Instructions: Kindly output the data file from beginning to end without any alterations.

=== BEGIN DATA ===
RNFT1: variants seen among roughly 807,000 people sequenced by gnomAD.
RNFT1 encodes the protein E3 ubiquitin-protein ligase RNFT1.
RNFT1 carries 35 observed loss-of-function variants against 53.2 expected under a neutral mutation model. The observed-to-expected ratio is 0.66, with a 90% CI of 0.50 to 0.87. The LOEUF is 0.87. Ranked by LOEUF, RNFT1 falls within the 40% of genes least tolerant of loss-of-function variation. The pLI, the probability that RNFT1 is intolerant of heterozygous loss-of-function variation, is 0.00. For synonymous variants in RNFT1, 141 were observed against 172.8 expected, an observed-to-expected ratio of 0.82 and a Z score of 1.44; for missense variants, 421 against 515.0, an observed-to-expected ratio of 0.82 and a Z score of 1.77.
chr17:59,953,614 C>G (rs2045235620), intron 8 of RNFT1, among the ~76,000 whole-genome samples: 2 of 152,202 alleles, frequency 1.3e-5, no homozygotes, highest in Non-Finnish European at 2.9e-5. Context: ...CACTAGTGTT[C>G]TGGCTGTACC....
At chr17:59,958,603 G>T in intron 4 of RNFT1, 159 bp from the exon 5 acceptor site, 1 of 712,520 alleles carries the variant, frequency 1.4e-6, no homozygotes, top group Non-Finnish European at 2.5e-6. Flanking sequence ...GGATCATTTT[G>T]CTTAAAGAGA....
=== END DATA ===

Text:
RNFT1: variants seen among roughly 807,000 people sequenced by gnomAD.
RNFT1 encodes the protein E3 ubiquitin-protein ligase RNFT1.
RNFT1 carries 35 observed loss-of-function variants against 53.2 expected under a neutral mutation model. The observed-to-expected ratio is 0.66, with a 90% CI of 0.50 to 0.87. The LOEUF is 0.87. Ranked by LOEUF, RNFT1 falls within the 40% of genes least tolerant of loss-of-function variation. The pLI, the probability that RNFT1 is intolerant of heterozygous loss-of-function variation, is 0.00. For synonymous variants in RNFT1, 141 were observed against 172.8 expected, an observed-to-expected ratio of 0.82 and a Z score of 1.44; for missense variants, 421 against 515.0, an observed-to-expected ratio of 0.82 and a Z score of 1.77.
chr17:59,953,614 C>G (rs2045235620), intron 8 of RNFT1, among the ~76,000 whole-genome samples: 2 of 152,202 alleles, frequency 1.3e-5, no homozygotes, highest in Non-Finnish European at 2.9e-5. Context: ...CACTAGTGTT[C>G]TGGCTGTACC....
At chr17:59,958,603 G>T in intron 4 of RNFT1, 159 bp from the exon 5 acceptor site, 1 of 712,520 alleles carries the variant, frequency 1.4e-6, no homozygotes, top group Non-Finnish European at 2.5e-6. Flanking sequence ...GGATCATTTT[G>T]CTTAAAGAGA....